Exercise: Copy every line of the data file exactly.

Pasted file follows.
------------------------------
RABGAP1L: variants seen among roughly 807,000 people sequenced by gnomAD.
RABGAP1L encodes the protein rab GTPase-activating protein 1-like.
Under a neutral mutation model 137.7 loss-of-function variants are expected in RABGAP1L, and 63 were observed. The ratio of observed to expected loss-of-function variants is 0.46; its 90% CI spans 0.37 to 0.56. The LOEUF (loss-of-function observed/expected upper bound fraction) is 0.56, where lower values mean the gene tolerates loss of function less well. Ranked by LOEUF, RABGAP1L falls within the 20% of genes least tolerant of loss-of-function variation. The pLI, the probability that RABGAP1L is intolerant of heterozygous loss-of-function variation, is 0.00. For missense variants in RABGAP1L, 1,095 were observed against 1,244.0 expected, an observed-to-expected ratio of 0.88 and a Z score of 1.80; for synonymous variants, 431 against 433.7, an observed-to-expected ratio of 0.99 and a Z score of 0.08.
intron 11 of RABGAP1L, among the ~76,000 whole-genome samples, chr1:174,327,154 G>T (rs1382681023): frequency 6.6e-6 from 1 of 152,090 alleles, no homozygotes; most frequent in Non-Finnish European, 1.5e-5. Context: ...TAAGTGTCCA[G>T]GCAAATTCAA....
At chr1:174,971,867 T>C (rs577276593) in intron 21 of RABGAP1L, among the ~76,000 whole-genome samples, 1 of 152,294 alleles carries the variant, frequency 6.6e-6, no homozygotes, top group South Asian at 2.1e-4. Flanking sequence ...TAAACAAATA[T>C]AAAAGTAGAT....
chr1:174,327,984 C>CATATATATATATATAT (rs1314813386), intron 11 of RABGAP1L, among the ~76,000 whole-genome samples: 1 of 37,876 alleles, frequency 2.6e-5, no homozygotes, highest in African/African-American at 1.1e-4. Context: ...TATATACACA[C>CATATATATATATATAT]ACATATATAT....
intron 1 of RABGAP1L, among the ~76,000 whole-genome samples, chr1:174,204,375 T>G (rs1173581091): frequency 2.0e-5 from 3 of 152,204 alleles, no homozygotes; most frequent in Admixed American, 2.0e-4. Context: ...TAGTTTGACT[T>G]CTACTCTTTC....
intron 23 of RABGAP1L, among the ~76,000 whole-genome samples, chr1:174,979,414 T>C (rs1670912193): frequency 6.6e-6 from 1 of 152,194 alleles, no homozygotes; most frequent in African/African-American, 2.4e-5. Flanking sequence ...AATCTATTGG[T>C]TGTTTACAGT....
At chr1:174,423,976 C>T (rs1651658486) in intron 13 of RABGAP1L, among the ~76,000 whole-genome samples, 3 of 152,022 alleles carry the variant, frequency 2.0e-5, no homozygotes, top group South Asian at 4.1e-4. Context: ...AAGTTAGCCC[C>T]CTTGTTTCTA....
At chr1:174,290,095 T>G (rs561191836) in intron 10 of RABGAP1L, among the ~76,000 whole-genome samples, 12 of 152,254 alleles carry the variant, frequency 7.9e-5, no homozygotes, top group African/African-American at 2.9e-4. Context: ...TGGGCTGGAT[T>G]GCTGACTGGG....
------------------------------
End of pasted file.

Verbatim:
RABGAP1L: variants seen among roughly 807,000 people sequenced by gnomAD.
RABGAP1L encodes the protein rab GTPase-activating protein 1-like.
Under a neutral mutation model 137.7 loss-of-function variants are expected in RABGAP1L, and 63 were observed. The ratio of observed to expected loss-of-function variants is 0.46; its 90% CI spans 0.37 to 0.56. The LOEUF (loss-of-function observed/expected upper bound fraction) is 0.56, where lower values mean the gene tolerates loss of function less well. Ranked by LOEUF, RABGAP1L falls within the 20% of genes least tolerant of loss-of-function variation. The pLI, the probability that RABGAP1L is intolerant of heterozygous loss-of-function variation, is 0.00. For missense variants in RABGAP1L, 1,095 were observed against 1,244.0 expected, an observed-to-expected ratio of 0.88 and a Z score of 1.80; for synonymous variants, 431 against 433.7, an observed-to-expected ratio of 0.99 and a Z score of 0.08.
intron 11 of RABGAP1L, among the ~76,000 whole-genome samples, chr1:174,327,154 G>T (rs1382681023): frequency 6.6e-6 from 1 of 152,090 alleles, no homozygotes; most frequent in Non-Finnish European, 1.5e-5. Context: ...TAAGTGTCCA[G>T]GCAAATTCAA....
At chr1:174,971,867 T>C (rs577276593) in intron 21 of RABGAP1L, among the ~76,000 whole-genome samples, 1 of 152,294 alleles carries the variant, frequency 6.6e-6, no homozygotes, top group South Asian at 2.1e-4. Flanking sequence ...TAAACAAATA[T>C]AAAAGTAGAT....
chr1:174,327,984 C>CATATATATATATATAT (rs1314813386), intron 11 of RABGAP1L, among the ~76,000 whole-genome samples: 1 of 37,876 alleles, frequency 2.6e-5, no homozygotes, highest in African/African-American at 1.1e-4. Context: ...TATATACACA[C>CATATATATATATATAT]ACATATATAT....
intron 1 of RABGAP1L, among the ~76,000 whole-genome samples, chr1:174,204,375 T>G (rs1173581091): frequency 2.0e-5 from 3 of 152,204 alleles, no homozygotes; most frequent in Admixed American, 2.0e-4. Context: ...TAGTTTGACT[T>G]CTACTCTTTC....
intron 23 of RABGAP1L, among the ~76,000 whole-genome samples, chr1:174,979,414 T>C (rs1670912193): frequency 6.6e-6 from 1 of 152,194 alleles, no homozygotes; most frequent in African/African-American, 2.4e-5. Flanking sequence ...AATCTATTGG[T>C]TGTTTACAGT....
At chr1:174,423,976 C>T (rs1651658486) in intron 13 of RABGAP1L, among the ~76,000 whole-genome samples, 3 of 152,022 alleles carry the variant, frequency 2.0e-5, no homozygotes, top group South Asian at 4.1e-4. Context: ...AAGTTAGCCC[C>T]CTTGTTTCTA....
At chr1:174,290,095 T>G (rs561191836) in intron 10 of RABGAP1L, among the ~76,000 whole-genome samples, 12 of 152,254 alleles carry the variant, frequency 7.9e-5, no homozygotes, top group African/African-American at 2.9e-4. Context: ...TGGGCTGGAT[T>G]GCTGACTGGG....